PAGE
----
"I loved the random experience brought together seamlessly through art and programming." —juror Todd Purgason
"This wonderfully surreal environment begs to be explored. Thoughtfully crafted, it does a great job of storytelling by showcasing the projects and explaining their evolution in a unique and memorable way." —juror Susan Easton
Overview: With its clean and fluent interface, this site highlights the industrial design of Fernando and Humberto Campana. Each of the objects is given a photographic or collaged treatment, expressive of its own unique qualities.
• 94 Flash movies
• 4-level information hierarchy, 170 total files
• 15 featured objects
Comments by Fábio Simões, Mariana Bukvic, Lúcio Rufo and William Queen:
"Fernando and Humberto Campana are two of the most famous designers in Brazil. They've worked together, creating furniture from everyday materials, in a joint studio in São Paulo, since 1983.
"When we met, they took us on a guided tour of their studio and the surrounding area so we would better understand the environment, the characters and scenarios that inspire their work. They asked us for a site that was nonlinear and more than a simple, digital catalog of their products. Then they left us completely free to propose a visual concept.
"They'd always dreamt of something that could tell a story and immerse people in their creative process, so we decided to show it. Since their inspiration comes from everyday objects, we created a site to show the places they live and work, the things they see daily and how they envision furniture whenever they see man-made objects.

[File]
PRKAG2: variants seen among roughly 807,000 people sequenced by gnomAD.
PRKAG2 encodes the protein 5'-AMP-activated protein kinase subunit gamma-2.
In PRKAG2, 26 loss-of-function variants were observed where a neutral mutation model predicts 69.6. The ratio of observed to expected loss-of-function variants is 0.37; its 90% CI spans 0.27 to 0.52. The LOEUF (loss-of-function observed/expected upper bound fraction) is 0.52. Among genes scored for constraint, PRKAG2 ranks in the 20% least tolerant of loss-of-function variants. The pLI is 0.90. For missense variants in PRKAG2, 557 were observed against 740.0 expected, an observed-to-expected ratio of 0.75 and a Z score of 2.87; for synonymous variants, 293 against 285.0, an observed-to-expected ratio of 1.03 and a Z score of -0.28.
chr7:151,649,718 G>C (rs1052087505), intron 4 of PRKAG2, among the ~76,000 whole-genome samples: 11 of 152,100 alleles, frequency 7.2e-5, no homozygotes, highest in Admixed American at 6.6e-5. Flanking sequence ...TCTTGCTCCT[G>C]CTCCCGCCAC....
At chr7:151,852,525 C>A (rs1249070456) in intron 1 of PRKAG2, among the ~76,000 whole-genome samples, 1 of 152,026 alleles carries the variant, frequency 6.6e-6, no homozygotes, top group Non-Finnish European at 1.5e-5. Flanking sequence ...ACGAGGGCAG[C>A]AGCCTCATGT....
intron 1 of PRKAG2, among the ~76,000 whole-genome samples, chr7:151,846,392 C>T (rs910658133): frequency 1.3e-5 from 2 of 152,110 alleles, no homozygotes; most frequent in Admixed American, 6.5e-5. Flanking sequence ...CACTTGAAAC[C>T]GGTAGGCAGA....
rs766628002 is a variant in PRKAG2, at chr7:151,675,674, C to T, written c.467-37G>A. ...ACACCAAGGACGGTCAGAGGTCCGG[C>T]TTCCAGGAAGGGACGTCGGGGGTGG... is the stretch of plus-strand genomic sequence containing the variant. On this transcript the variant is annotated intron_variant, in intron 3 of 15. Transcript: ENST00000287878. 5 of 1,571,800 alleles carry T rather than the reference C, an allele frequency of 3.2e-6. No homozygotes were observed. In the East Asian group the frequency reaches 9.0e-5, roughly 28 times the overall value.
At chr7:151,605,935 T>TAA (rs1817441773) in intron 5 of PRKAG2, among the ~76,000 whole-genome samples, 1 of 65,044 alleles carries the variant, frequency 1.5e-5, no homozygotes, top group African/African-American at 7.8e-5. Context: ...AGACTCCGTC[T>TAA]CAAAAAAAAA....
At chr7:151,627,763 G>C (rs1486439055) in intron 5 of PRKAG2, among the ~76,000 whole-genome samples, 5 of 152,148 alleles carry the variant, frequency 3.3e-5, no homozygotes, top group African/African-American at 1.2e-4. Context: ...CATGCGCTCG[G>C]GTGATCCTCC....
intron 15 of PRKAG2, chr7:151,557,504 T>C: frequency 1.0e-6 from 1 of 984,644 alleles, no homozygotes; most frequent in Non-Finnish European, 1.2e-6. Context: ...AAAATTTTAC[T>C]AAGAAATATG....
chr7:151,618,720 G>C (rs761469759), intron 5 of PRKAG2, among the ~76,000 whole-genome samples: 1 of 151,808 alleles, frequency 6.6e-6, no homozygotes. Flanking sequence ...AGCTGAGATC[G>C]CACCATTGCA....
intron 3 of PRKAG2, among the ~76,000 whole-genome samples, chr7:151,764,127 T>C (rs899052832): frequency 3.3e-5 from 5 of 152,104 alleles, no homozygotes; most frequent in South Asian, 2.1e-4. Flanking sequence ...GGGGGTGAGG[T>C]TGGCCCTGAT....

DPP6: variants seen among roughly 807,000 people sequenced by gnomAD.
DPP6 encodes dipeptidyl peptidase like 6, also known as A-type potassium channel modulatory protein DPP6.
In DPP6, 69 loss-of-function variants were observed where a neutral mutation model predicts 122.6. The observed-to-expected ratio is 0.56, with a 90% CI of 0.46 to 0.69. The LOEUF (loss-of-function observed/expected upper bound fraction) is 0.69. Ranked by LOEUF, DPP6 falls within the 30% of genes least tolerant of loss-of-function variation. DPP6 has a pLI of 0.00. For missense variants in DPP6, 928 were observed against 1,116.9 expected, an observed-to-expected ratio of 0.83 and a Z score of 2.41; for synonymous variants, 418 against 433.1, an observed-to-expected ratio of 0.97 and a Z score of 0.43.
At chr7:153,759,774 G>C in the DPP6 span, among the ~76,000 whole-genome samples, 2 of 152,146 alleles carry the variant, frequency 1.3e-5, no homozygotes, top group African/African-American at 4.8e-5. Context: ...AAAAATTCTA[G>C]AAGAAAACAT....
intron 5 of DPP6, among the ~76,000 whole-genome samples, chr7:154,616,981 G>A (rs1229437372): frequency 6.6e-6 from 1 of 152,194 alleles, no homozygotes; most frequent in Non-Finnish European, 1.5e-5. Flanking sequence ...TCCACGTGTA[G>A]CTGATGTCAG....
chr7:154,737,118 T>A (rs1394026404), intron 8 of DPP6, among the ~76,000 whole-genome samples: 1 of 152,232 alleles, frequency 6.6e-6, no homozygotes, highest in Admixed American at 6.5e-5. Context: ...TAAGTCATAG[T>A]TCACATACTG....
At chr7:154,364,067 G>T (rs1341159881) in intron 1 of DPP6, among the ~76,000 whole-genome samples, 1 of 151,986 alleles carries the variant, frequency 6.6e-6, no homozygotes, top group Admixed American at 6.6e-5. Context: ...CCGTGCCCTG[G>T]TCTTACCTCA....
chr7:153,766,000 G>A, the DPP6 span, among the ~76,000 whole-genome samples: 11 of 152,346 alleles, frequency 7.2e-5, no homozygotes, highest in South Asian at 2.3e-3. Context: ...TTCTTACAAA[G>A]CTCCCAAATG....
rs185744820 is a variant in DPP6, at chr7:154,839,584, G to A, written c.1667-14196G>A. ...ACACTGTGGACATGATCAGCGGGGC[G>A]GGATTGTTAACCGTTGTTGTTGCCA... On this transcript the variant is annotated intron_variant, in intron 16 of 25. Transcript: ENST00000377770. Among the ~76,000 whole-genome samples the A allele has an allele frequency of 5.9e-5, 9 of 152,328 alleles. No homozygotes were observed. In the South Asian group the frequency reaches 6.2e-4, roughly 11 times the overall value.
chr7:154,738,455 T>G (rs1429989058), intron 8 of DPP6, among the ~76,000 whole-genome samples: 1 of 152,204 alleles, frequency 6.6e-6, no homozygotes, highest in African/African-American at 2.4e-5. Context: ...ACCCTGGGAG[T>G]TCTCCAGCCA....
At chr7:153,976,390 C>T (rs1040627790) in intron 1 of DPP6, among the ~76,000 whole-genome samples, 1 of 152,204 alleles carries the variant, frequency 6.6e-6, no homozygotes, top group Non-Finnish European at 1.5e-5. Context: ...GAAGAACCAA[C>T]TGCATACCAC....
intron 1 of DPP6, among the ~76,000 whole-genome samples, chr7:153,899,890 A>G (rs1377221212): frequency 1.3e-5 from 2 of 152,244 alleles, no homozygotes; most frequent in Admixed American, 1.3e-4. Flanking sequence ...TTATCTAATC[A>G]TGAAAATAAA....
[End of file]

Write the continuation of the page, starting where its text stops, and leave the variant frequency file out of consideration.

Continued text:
"We created an abstract map (from the streets surrounding their studio) and used it as the main navigation for the projects. Each piece on the map is located relative to the place, the store or the object that inspired it. For the 'Favela' chair, we photographed a Favela with colorful wood walls and depicted it with fragments of material, people and architecture.
"Desconstructing and rebuilding their projects in this way, we could tell the story of the objects and, at the same time, make the process understandable. Most of the animation was Actionscripted, making possible a random, dynamic interactivity that best represents their work, a mixture of chaos and precise architecture."